Try Out Expensive Camera Gear With This Subscription Service
Stepping up from a smartphone camera to a DSLR is intimidating, what with all those knobs and buttons and arcane menus. And that’s the easy part. The hard part is raising the cash and peace of mind to buy into a high-end rig. You can easily spend a few grand, and industry-wide improvements come so fast that buyer’s remorse is always a threat.
Parachut eliminates the friction by sending a steady stream of equipment to your door using a model similar to Spotify or Netflix. Wife-and-husband founders Melissa and Philip Niu hope to go beyond the online rental shop to create something like an iPod Shuffle for camera geeks. For $149 a month, you get a serendipitous assortment of shooters on loan. “Yes, we are technically leasing our equipment,” says Melissa Niu. “However, rental companies are primarily for people who know exactly what they want, what they need it for, and when they need it.”
Melissa says Parachut is about “gear exploration.” In-house camera geeks curate cameras, lenses, lights, and accessories based on preferences specified in your profile. It’s basic stuff: are you a beginner, hobbyist or pro; do you favor digital or film; what kinds of photos you take. You can add specific gear to your wish list, but you don’t have much say in when you get something. “You would be surprised how high the percentage is of people just wanting to be surprised,” Melissa says.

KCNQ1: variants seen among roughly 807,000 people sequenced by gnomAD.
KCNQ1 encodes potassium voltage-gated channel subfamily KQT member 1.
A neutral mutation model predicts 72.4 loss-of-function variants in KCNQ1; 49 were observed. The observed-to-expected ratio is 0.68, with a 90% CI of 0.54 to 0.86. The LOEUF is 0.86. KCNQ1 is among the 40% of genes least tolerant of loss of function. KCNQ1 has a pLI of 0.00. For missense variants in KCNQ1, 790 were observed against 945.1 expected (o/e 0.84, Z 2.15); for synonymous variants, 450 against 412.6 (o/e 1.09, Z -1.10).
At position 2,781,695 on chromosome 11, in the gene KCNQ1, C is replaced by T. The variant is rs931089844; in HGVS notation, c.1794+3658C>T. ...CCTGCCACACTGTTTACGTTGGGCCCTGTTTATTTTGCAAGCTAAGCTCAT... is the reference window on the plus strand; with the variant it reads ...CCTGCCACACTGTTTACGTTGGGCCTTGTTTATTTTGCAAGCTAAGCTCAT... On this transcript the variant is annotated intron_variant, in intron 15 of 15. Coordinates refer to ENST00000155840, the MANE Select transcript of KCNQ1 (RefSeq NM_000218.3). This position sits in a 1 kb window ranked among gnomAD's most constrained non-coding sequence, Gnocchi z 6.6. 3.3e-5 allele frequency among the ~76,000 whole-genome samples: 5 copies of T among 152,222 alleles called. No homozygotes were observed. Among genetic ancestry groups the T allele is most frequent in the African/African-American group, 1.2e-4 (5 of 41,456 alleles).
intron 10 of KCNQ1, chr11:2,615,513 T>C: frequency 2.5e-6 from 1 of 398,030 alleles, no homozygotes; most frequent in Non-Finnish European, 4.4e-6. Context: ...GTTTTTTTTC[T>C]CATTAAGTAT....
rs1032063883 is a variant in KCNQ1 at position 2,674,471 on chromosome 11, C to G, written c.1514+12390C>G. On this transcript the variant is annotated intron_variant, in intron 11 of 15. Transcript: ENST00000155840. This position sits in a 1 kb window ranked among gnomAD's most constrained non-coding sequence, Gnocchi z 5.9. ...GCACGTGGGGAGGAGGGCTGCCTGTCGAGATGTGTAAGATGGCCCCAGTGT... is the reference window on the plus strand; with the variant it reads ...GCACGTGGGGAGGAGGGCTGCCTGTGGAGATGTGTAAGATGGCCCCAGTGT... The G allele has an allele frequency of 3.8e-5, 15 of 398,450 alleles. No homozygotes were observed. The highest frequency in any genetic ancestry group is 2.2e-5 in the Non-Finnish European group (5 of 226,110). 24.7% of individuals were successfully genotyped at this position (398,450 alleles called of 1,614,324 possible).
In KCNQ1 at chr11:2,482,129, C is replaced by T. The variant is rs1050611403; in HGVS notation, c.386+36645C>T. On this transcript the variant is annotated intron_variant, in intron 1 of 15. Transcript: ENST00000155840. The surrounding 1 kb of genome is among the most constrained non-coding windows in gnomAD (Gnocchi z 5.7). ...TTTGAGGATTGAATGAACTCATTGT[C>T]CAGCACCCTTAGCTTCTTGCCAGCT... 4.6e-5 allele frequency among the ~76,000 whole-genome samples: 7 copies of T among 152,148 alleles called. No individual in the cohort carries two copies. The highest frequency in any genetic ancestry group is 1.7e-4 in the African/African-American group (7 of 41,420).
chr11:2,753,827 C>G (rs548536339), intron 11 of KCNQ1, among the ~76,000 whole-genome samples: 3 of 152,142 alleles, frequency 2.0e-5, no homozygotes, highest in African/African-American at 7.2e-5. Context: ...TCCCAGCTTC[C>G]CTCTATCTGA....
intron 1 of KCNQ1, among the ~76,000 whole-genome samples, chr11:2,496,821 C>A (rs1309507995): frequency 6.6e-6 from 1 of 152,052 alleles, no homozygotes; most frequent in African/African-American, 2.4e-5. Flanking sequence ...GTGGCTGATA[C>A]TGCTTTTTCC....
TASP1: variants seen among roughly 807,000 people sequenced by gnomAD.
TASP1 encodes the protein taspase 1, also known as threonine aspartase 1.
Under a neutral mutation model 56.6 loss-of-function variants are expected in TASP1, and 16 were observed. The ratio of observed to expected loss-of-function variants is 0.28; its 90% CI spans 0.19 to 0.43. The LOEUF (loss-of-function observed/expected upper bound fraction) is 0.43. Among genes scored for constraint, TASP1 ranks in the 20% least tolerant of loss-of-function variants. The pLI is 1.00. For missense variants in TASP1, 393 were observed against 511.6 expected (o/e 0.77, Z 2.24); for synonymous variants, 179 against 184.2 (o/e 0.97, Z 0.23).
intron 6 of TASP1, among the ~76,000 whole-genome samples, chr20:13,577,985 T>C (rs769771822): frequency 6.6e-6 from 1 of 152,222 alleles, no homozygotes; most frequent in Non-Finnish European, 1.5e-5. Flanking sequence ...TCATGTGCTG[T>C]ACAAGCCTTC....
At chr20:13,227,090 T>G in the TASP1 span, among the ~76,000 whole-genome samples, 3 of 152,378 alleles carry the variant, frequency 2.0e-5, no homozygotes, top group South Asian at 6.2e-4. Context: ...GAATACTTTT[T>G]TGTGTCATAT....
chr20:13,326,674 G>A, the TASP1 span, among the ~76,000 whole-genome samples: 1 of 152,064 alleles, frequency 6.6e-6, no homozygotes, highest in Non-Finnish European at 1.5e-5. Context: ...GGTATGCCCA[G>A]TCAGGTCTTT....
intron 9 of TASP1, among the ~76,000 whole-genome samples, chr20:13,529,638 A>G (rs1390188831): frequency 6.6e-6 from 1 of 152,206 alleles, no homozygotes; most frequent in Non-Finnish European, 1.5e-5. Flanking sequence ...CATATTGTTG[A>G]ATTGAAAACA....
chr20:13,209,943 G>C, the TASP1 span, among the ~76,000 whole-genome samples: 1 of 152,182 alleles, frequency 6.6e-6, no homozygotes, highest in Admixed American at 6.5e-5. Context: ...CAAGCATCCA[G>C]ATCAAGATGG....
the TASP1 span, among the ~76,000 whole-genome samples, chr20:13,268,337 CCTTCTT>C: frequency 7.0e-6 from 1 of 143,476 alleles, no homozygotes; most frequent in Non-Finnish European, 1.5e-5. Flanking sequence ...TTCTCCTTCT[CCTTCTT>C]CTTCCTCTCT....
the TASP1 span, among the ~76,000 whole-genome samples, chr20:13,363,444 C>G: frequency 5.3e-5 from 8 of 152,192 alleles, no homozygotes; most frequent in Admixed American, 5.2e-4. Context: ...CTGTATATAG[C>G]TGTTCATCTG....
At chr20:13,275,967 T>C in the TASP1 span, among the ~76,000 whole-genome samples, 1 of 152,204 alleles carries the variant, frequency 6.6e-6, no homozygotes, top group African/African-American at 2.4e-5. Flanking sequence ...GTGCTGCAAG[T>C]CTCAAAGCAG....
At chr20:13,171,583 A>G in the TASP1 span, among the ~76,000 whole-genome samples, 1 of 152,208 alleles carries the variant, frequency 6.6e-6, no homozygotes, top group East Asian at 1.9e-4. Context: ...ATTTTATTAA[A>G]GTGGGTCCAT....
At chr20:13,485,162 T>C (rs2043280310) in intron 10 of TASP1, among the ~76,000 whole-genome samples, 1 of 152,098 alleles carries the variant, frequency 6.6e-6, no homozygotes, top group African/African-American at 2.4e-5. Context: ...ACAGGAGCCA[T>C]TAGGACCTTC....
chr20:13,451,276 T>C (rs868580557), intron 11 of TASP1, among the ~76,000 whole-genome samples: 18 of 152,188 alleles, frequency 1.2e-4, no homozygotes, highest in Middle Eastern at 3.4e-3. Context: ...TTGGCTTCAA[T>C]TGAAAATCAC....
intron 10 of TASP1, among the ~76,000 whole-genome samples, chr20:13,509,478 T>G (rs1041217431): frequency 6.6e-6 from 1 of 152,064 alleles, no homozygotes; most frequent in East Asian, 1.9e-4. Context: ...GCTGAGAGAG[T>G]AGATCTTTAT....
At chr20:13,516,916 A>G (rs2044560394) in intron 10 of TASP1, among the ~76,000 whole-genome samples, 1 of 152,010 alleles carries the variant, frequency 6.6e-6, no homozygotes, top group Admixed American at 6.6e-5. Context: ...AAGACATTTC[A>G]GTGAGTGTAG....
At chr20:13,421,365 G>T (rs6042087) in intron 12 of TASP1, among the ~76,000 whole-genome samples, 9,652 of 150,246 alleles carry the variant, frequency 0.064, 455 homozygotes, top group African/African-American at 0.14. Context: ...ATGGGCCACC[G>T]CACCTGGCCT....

Deliveries, called “Chut Drops,” arrive with a pre-paid return label and box. As long as you have an active subscription, you can keep stuff as long as you like, whether its a Lytro, a drone, or a Rolleiflex large-format camera with film. Another $45 a month buys a protection plan that spares you the pain of a dropped camera or damaged lens.
Loaning drones is a risky proposition, and there are regulatory hurdles to consider. Commercial operators need a Section 333 exemption to fly, but that gives way to an entirely different process late next month. Melissa says drones appear on many subscribers’ wish lists, but Parachut wants to ensure people are properly certified before mailing them.
Parachut ain’t cheap. You’re looking at $1,788 a year ($2,328 with the protection plan), which would buy you a nice DSLR and a lens or two. But compared to spending, say, $7,000 for a Leica M9 or even $1,400 for a drone, it’s a bargain. And traditional rental shops tend to charge crazy high daily rates. Sure, Parachut offers something more akin to Pandora’s randomness combined with Spotify’s subscription model. But the Nius hope to fill a niche: Helping avid photographers find the best gear and letting them try before they buy.